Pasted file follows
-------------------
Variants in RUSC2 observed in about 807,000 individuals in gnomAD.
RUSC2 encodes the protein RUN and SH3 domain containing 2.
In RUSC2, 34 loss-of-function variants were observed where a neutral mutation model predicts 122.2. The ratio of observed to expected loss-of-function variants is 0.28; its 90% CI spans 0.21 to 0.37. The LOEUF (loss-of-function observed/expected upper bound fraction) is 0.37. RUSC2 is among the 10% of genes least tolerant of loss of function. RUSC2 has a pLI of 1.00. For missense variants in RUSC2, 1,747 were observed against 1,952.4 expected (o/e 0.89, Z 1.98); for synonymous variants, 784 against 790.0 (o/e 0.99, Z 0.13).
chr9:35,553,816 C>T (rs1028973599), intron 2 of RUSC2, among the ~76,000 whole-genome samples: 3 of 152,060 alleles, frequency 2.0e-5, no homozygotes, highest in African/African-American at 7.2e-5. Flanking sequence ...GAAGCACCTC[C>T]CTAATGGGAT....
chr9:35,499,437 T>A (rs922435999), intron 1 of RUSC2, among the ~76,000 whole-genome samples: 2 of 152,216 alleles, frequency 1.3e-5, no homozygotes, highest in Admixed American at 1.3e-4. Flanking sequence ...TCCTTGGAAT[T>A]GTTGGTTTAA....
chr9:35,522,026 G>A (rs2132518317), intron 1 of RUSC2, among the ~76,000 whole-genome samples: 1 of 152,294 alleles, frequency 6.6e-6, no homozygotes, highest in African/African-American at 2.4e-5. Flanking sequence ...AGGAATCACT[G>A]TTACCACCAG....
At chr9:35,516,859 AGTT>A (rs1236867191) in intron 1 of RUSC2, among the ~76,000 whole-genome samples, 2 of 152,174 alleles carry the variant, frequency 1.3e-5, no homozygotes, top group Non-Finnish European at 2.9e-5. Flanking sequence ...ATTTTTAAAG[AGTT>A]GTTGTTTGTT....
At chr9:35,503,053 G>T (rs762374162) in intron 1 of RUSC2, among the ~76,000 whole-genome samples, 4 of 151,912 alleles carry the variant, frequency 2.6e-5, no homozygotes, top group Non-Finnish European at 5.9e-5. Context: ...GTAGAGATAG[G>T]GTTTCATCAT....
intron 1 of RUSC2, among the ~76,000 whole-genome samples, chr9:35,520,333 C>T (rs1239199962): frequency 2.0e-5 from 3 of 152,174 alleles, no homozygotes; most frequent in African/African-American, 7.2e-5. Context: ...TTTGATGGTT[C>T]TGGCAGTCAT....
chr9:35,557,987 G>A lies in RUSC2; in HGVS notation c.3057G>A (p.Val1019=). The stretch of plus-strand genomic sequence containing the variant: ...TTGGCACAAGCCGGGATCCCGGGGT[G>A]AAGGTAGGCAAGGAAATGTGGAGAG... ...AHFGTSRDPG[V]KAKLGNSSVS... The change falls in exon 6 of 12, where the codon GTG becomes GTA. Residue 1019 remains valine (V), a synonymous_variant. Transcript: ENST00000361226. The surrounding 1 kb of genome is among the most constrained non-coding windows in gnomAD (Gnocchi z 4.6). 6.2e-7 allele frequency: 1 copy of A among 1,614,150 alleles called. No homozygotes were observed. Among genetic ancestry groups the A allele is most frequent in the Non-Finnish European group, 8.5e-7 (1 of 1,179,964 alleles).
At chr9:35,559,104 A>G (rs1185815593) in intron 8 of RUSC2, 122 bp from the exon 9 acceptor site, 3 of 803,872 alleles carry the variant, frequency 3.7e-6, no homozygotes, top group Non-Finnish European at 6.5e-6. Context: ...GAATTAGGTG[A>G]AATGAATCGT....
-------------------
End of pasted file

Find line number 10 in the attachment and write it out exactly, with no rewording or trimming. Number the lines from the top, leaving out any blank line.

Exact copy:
chr9:35,557,987 G>A lies in RUSC2; in HGVS notation c.3057G>A (p.Val1019=). The stretch of plus-strand genomic sequence containing the variant: ...TTGGCACAAGCCGGGATCCCGGGGT[G>A]AAGGTAGGCAAGGAAATGTGGAGAG... ...AHFGTSRDPG[V]KAKLGNSSVS... The change falls in exon 6 of 12, where the codon GTG becomes GTA. Residue 1019 remains valine (V), a synonymous_variant. Transcript: ENST00000361226. The surrounding 1 kb of genome is among the most constrained non-coding windows in gnomAD (Gnocchi z 4.6). 6.2e-7 allele frequency: 1 copy of A among 1,614,150 alleles called. No homozygotes were observed. Among genetic ancestry groups the A allele is most frequent in the Non-Finnish European group, 8.5e-7 (1 of 1,179,964 alleles).